The old adage about predisposition to gallstone formation has been well attested by a recent study. Ultrasonography was performed on 3,254 women during pregnancy and postpartum. Those with gallstones present on their initial ultrasound or having a history of cholecystectomy were excluded. De novo gallbladder sludge or stones or progression of baseline sludge to stones developed progressively throughout pregnancy, reaching an incidence of 10.2% by 4–6 weeks postpartum. This lithogenic influence of pregnancy was reversed subsequently with regression of sludge and stone. Even so, cholecystectomy was undertaken in 0.8% of the women during the first year after delivery. To determine which factors carried the greatest risk for gallstone formation during pregnancy serum glucose, lipids, leptin, estradiol, and progesterone were measured at 26–28 weeks' gestation. Prepregnancy BMI proved to be a strong predictor of incident gallbladder disease with an incidence of 2.7% for BMI<25 and 11.7% for BMI >30 kg/m2 (P < .001). The tendency to form sludge or stones correlated with serum triglyceride levels and inversely with HDL cholesterol. After adjusting for BMI, of the various metabolic influences studied serum leptin was shown to be most strongly associated, increased risk of gallbladder disease being conferred with an odds ratio of 1.05 (CI, 1.01–1.11) for each 1-ng/dL increase in serum leptin concentration. Conversely, having adjusted for serum leptin there was no additional risk of gallbladder disease from being obese. Further studies to elucidate this association will be eagerly awaited. (See HEPATOLOGY 2005;41:359–365)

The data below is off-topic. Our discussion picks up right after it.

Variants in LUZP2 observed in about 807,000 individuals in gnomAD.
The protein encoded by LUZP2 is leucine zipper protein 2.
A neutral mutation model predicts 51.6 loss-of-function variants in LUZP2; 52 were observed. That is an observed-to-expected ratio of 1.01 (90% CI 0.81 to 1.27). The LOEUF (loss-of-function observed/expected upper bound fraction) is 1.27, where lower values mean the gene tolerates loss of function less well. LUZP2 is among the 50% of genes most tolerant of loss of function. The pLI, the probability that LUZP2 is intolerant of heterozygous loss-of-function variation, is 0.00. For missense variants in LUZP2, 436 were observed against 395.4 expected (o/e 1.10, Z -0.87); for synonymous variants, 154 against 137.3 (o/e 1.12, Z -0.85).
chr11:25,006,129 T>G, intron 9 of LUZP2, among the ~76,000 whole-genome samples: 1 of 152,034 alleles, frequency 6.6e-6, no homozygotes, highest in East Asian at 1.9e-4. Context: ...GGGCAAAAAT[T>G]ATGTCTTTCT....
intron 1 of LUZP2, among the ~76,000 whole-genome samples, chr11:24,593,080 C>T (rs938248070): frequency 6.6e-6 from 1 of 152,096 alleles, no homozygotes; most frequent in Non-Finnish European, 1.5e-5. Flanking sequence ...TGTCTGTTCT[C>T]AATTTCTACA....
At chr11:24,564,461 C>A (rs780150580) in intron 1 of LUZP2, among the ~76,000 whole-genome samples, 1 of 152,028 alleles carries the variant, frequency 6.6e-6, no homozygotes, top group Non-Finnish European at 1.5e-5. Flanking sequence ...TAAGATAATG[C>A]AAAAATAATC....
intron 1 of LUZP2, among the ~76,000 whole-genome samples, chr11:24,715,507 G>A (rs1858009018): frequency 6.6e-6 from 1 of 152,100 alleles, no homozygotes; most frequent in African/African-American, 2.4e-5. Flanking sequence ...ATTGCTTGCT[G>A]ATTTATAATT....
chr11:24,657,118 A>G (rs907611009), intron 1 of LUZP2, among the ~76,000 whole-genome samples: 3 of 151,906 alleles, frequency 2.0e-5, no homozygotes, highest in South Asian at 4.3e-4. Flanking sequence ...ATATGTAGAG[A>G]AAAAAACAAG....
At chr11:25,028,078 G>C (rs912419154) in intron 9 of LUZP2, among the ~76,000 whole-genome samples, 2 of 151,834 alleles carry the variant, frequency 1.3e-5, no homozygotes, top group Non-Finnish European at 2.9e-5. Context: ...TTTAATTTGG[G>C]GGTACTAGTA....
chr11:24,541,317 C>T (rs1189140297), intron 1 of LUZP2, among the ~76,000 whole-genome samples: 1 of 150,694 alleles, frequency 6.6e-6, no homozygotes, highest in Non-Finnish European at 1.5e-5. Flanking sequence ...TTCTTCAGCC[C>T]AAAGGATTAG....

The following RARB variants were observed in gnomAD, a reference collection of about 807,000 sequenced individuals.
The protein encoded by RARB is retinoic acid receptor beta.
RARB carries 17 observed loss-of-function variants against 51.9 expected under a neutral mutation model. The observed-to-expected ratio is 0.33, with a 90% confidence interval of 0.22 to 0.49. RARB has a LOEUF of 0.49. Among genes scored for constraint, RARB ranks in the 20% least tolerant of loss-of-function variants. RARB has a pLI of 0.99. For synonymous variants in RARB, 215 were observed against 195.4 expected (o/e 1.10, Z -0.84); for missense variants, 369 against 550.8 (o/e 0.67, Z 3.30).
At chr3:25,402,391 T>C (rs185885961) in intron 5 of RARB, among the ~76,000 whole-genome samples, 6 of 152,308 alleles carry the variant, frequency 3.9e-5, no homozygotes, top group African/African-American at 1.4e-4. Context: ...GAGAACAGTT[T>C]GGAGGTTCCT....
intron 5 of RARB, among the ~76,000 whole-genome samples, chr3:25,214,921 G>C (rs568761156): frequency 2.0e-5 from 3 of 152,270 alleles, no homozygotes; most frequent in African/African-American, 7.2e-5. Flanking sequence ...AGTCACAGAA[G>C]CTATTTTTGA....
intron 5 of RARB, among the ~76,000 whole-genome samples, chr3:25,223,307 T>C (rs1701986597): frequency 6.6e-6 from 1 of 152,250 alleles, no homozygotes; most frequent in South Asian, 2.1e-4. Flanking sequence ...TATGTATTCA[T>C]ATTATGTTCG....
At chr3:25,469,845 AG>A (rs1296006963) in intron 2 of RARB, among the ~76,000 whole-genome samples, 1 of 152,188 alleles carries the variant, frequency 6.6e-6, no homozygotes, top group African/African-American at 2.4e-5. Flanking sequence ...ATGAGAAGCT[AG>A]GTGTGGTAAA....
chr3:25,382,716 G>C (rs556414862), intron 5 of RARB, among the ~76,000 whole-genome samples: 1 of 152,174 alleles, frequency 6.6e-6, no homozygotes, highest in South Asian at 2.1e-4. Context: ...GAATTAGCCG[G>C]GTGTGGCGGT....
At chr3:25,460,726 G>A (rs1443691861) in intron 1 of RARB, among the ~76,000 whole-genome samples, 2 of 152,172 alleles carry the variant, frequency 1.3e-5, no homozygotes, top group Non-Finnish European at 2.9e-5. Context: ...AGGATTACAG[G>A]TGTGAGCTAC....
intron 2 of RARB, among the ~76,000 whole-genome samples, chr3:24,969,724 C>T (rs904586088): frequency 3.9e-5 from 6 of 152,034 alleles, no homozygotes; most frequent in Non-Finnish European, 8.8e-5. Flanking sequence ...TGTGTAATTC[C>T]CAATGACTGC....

COX-2 Inhibition and Renal Function in Cirrhosis